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Every year, close to 190,000 men are diagnosed with prostate cancer. Around 30,000 will die from it.
One of the best ways to screen for prostate cancer is with the PSA blood test. When the result is greater than four, a biopsy is generally recommended to look for cancer.
Now a study in the New England Journal of Medicine suggests that cut off may be set too high, that too many prostate cancers are being missed.
Using a mathematical model, researchers from Harvard estimate that using a threshold of four-- 82 percent of cancers in younger men, those under 60, and 65 percent of cancers in older men would be missed.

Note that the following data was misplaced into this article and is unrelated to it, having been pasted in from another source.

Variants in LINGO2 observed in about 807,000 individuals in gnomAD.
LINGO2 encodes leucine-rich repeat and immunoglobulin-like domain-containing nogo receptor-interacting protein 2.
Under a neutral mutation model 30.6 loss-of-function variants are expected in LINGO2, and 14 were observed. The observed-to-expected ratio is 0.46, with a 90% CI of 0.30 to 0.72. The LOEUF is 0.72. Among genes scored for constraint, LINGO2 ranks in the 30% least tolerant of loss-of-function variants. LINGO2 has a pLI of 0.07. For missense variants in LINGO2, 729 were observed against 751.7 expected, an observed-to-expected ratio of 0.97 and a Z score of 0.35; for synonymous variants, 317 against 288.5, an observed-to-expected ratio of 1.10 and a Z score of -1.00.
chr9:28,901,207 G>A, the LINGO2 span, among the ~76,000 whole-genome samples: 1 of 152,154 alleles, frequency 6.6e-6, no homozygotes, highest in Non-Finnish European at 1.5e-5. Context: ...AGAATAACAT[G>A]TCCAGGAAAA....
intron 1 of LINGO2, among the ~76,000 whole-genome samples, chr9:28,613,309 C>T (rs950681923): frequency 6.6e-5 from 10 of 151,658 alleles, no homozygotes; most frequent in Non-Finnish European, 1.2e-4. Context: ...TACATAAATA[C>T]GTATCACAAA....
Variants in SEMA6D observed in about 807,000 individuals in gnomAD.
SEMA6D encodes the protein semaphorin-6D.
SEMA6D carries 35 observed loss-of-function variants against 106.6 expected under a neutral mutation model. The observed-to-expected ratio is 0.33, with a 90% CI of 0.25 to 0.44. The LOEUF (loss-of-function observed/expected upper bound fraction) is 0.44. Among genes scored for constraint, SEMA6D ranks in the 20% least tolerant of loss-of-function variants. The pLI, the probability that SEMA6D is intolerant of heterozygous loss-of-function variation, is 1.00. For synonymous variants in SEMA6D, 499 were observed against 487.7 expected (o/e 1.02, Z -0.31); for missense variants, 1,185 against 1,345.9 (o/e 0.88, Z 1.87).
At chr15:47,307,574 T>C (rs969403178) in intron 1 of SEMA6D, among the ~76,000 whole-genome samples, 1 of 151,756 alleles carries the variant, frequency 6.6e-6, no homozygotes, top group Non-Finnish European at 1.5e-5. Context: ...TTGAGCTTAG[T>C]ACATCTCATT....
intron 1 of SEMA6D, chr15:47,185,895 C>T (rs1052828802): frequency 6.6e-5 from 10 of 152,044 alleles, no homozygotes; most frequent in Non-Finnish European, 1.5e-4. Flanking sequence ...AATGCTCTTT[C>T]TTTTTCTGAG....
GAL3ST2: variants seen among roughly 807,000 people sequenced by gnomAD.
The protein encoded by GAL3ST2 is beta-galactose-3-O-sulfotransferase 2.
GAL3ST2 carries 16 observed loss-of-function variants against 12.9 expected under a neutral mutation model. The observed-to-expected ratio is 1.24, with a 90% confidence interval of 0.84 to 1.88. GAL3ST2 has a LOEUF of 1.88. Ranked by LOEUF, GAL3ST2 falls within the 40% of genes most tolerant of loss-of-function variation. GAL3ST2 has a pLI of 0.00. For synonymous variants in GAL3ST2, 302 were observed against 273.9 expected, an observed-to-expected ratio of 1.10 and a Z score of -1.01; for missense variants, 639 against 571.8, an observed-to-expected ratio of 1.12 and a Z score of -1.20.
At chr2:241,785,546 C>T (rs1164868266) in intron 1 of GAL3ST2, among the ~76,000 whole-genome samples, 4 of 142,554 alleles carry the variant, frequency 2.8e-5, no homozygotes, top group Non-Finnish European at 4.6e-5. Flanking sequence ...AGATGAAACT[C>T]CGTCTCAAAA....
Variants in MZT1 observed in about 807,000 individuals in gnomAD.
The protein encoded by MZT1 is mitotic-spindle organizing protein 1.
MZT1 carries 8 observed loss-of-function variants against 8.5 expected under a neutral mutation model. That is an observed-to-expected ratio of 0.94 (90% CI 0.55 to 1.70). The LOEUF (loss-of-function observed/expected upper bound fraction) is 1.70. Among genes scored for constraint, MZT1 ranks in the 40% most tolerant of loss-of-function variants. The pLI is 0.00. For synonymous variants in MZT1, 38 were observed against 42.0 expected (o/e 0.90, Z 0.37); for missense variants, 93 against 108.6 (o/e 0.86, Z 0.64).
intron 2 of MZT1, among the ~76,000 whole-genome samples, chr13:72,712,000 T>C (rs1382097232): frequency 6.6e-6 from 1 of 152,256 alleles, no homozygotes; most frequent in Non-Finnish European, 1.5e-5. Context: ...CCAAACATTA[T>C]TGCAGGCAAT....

So should the PSA threshold for considering a biopsy be lowered? Not necessarily.
Some argue yes, because earlier detection means earlier treatment. However, an editorial in the same journal questions the overall benefits of such a move.
A lower threshold would mean more biopsies to rule out cancer... an uncomfortable procedure that may turn out to be negative. And while more biopsies could lead to more cancer diagnoses, it does not necessarily increase a man's chance of survival.
Even so, the study suggests that for some men, a PSA under four may warrant a closer look. If the number is rising quickly, or high risk groups like African Americans and those with family history of prostate cancer.